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Can an impeached president run for re-election?

While Senate likely won’t impeach Trump, he could still run for re-election anyway

(Photo by © Wally McNamee/CORBIS/Corbis via Getty Images)
(Photo by © Wally McNamee/CORBIS/Corbis via Getty Images) (Getty)

No matter what happens in this year’s election, President Donald Trump has already made history in one way.

While Trump is the third president ever to be impeached by the House of Representatives, he likely will be the first impeached president in history to be nominated by a political party to run for re-election.

So, how is this possible?

In short, the ability of Trump — or any president who gets impeached, for that matter — to seek re-election while impeached is entirely up to the Senate.

According to Article I, Section 3 of the United States Constitution, ”Judgment in cases of impeachment shall not extend further than to removal from office, and disqualification to hold and enjoy any office of honor, trust or profit under the United States.”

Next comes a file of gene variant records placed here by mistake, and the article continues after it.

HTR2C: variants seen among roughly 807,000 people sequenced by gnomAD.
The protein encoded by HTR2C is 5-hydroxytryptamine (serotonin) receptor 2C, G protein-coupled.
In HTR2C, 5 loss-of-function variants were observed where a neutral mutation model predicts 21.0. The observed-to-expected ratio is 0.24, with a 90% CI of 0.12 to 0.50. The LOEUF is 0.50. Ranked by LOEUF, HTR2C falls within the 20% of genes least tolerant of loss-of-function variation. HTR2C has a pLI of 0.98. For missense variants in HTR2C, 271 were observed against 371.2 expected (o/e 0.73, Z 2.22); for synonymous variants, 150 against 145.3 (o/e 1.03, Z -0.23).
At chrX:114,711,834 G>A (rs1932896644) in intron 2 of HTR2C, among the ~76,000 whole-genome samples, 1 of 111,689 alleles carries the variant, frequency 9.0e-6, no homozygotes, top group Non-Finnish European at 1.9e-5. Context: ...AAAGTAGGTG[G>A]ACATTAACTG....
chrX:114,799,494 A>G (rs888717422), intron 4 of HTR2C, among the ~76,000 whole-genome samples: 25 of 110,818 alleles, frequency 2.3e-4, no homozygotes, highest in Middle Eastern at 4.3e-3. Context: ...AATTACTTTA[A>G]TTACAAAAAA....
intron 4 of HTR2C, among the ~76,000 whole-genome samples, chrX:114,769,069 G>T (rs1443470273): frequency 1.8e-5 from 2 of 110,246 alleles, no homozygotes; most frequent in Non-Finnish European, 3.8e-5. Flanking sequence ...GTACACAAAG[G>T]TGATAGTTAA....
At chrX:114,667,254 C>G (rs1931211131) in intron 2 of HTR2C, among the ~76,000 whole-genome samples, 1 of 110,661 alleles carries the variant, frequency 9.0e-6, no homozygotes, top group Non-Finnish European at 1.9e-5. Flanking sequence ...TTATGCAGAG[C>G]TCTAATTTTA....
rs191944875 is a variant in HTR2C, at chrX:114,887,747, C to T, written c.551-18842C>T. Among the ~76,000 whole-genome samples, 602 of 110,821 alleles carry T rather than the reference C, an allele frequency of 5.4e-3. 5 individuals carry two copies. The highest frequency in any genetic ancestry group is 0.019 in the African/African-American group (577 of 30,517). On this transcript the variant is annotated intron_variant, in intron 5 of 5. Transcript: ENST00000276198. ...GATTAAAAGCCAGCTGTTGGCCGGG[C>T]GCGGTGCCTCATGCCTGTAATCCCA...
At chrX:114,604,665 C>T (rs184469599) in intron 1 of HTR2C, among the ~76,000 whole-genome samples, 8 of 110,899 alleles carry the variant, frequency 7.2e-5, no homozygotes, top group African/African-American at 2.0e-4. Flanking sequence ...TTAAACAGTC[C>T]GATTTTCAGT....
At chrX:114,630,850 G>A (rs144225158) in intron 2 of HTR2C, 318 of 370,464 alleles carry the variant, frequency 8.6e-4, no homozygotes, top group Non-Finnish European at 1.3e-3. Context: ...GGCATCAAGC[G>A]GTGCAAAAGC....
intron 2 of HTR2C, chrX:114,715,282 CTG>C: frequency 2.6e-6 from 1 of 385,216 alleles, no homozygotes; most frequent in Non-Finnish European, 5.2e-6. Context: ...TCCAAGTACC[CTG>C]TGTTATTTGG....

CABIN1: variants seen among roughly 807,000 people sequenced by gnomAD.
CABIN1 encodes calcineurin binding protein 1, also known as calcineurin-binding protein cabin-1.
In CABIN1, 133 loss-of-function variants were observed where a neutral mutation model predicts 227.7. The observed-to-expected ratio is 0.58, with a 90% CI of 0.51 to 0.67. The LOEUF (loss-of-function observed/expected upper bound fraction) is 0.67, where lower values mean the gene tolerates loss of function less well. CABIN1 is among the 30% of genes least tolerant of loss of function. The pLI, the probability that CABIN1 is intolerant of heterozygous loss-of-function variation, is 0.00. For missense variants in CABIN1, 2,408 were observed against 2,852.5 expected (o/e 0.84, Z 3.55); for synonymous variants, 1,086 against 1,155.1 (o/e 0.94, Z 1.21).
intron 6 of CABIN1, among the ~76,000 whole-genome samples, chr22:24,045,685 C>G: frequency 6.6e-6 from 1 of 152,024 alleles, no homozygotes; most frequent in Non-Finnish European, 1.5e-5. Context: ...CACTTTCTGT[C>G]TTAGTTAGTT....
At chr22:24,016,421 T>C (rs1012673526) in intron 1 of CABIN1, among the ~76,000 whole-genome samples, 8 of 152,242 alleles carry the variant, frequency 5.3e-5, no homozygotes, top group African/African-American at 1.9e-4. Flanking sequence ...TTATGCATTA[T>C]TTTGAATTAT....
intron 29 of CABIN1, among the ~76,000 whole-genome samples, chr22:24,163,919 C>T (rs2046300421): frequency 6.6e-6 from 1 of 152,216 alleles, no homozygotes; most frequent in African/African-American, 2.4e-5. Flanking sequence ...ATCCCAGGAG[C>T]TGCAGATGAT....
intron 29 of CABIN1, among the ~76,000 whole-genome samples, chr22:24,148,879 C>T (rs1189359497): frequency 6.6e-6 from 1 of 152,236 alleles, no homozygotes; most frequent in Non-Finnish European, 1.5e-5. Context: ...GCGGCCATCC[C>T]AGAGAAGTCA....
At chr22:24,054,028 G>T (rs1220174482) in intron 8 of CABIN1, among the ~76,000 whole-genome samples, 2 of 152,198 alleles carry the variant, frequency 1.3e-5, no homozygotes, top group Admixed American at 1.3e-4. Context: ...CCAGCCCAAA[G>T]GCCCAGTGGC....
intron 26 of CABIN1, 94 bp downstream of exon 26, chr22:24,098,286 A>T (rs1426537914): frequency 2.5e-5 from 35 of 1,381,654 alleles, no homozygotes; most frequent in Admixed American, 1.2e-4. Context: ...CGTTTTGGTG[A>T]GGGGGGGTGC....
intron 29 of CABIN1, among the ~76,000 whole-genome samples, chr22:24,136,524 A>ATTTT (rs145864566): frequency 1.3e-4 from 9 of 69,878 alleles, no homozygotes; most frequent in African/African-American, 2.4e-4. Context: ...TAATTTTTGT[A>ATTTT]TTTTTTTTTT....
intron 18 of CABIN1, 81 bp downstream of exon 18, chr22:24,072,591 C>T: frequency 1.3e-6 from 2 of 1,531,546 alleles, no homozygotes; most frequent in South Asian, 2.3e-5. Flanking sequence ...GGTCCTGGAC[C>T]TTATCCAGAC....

The Senate could not only vote for impeachment and subsequent removal from office with a 2/3 majority vote, but it could also vote to ban Trump from ever running for office again.

But even if the Senate convicts Trump and removes him from office — which is unlikely in itself, since unlike the House, the Republican Party holds a majority in the Senate — they can theoretically allow Trump to run for office again and he could go on with his re-election bid as if nothing happened, as long as he is nominated as the Republican candidate again.

This was never a scenario for the previous two presidents to be impeached by the House, Andrew Johnson and Bill Clinton.

Johnson sought the Democratic Party nomination in 1868, but was bypassed in favor of Horatio Seymour.

Clinton was impeached in 1999 during his second term and wasn’t allowed to run for president again due to term limits.

Both Johnson and Clinton were acquitted by the Senate, although Johnson barely escaped a removal from office, as the vote to impeach in the Senate fell short by one vote.


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